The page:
- Lucas Jackson/Reuters
- Stormy Daniels’ attorney, Michael Avenatti, blasted The Los Angeles Times for writing about a $10 million judgment against his law firm.
- Avenatti called the story “nonsense” because it had nothing to do with his representation of Daniels.
- US Bankruptcy Court Judge Catherine Bauer ordered the law firm, Eagan Avenatti, to pay $10 million to Jason Frank, a lawyer who used to work at the California firm, after Avenatti failed to pay Frank $2 million this month.
Stormy Daniels’ attorney, Michael Avenatti, blasted a Los Angeles Times reporter for writing about a $10 million judgment slapped on his law firm in US Bankruptcy Court on Tuesday.
Avenatti called the story “nonsense” because it involved a “completely different law firm” with “no ties to Daniels case.”
“Over blown,” Avenatti tweeted at the reporter, Michael Finnegan. “Sensational reporting at its finest. Check the facts next time please and report accurately.”
US Bankruptcy Court Judge Catherine Bauer ordered the law firm, Eagan Avenatti, to pay $10 million to Jason Frank, a lawyer who used to work at the California firm, after Avenatti failed to pay Frank $2 million this month, The Times reported.
“At this point, that’s what’s appropriate,” Bauer said in the hearing, according to The Times.
Avenatti had personally guaranteed that $2 million would be paid to Frank last week to settle the law firm’s bankruptcy, but he and the firm did not pay out that sum. Avenatti is not representing Daniels, whose real name is Stephanie Clifford, through that firm.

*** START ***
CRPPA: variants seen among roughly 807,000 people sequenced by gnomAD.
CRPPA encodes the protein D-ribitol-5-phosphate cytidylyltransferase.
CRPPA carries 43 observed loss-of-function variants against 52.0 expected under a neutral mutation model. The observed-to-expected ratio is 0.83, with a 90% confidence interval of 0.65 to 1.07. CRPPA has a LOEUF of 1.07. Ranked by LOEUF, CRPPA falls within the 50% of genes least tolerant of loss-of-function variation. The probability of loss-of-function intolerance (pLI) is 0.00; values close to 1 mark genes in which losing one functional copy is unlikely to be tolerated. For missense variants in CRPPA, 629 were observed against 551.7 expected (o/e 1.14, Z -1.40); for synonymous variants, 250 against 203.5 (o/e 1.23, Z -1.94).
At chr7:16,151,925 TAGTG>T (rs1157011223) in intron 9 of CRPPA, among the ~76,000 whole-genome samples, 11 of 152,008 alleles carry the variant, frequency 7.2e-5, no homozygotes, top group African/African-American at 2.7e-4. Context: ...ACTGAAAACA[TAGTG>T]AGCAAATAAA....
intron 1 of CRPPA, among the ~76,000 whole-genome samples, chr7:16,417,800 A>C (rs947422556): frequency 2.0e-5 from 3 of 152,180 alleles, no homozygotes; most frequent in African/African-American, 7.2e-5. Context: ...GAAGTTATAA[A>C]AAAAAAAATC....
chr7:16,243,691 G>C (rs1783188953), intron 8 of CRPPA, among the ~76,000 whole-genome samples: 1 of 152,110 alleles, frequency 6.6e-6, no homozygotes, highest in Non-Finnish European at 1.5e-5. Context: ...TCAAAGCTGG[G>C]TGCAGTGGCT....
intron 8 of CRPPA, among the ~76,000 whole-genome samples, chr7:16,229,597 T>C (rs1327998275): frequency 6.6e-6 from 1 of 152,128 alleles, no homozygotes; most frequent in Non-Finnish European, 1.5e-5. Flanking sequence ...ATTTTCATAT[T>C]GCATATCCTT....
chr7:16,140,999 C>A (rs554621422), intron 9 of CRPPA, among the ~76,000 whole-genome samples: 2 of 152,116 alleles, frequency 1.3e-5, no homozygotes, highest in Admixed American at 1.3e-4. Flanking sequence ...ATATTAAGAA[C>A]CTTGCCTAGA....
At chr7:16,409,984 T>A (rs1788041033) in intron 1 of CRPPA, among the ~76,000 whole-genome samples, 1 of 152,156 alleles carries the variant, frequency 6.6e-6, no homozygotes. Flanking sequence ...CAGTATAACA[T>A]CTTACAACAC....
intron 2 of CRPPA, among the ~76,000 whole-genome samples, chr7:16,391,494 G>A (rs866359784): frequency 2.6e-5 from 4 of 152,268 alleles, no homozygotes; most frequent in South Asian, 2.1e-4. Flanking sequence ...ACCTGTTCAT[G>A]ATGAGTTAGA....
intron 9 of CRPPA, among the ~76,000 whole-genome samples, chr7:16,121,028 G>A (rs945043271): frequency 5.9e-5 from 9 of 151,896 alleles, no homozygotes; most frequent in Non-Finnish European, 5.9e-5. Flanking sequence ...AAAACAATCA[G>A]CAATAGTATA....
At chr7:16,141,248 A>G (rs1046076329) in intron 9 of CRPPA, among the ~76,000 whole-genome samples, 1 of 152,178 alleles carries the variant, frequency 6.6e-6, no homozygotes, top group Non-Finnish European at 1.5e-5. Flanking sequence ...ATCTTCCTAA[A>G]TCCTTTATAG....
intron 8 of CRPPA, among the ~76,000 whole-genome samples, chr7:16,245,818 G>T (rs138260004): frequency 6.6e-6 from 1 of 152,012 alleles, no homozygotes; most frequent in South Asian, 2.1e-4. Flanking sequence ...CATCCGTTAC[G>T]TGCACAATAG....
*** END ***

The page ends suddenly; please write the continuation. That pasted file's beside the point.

During the hearing, the Department of Justice revealed that the firm had defaulted on back taxes it owed to the IRS, The Times reported. An assistant US attorney told Bauer that the government is planning to file a subsequent motion demanding payment of those back taxes. Avenatti had agreed to pay the IRS $2.4 million in a January bankruptcy settlement. The US attorney’s office in Los Angeles said Avenatti has paid at least $1.5 million of that total, but he and the firm missed a payment due last week.
Avenatti has blamed the unpaid taxes on a payroll company he did not identify, The Times wrote.
In an email to The Times, Avenatti claimed the publication “purposely” confused him “with a separate legal entity that has no role in the Daniels case.”
“No judgment against me was issued nor do I owe any taxes,” he wrote.
Avenatti has sparred with the press in recent weeks over coverage of his business and legal career outside of his representation of Daniels, who has alleged she had a 2006 affair with President Donald Trump and is suing both the president and his longtime lawyer Michael Cohen.
Daniels is seeking to get out of a non-disclosure agreement that Cohen facilitated just prior to the 2016 presidential election. She was paid $130,000 for her silence. Cohen is additionally under criminal investigation in the Southern District of New York – a probe for which Avenatti is petitioning to appear in court.
“Never before has an ATTY in a lawsuit been personally attacked to this degree on issues that have nothing to do with the lawsuit or who he reps,” Avenatti tweeted Monday. “My personal life, businesses, past clients, etc. have nothing to do with the current cases and the facts of those cases. #Desperate.”